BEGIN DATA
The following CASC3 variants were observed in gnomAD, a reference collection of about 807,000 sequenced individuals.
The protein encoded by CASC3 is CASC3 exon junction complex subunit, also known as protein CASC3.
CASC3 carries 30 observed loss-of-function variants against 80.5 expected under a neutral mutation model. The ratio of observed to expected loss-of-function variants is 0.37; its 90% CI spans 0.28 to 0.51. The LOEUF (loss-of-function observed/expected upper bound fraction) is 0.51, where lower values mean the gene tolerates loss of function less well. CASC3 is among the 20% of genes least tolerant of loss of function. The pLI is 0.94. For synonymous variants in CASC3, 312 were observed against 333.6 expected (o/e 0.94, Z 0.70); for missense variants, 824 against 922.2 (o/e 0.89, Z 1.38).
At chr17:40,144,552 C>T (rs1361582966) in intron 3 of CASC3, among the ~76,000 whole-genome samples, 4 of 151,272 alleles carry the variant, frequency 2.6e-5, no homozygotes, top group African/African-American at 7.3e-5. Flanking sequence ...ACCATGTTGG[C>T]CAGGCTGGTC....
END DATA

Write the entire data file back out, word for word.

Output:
The following CASC3 variants were observed in gnomAD, a reference collection of about 807,000 sequenced individuals.
The protein encoded by CASC3 is CASC3 exon junction complex subunit, also known as protein CASC3.
CASC3 carries 30 observed loss-of-function variants against 80.5 expected under a neutral mutation model. The ratio of observed to expected loss-of-function variants is 0.37; its 90% CI spans 0.28 to 0.51. The LOEUF (loss-of-function observed/expected upper bound fraction) is 0.51, where lower values mean the gene tolerates loss of function less well. CASC3 is among the 20% of genes least tolerant of loss of function. The pLI is 0.94. For synonymous variants in CASC3, 312 were observed against 333.6 expected (o/e 0.94, Z 0.70); for missense variants, 824 against 922.2 (o/e 0.89, Z 1.38).
At chr17:40,144,552 C>T (rs1361582966) in intron 3 of CASC3, among the ~76,000 whole-genome samples, 4 of 151,272 alleles carry the variant, frequency 2.6e-5, no homozygotes, top group African/African-American at 7.3e-5. Flanking sequence ...ACCATGTTGG[C>T]CAGGCTGGTC....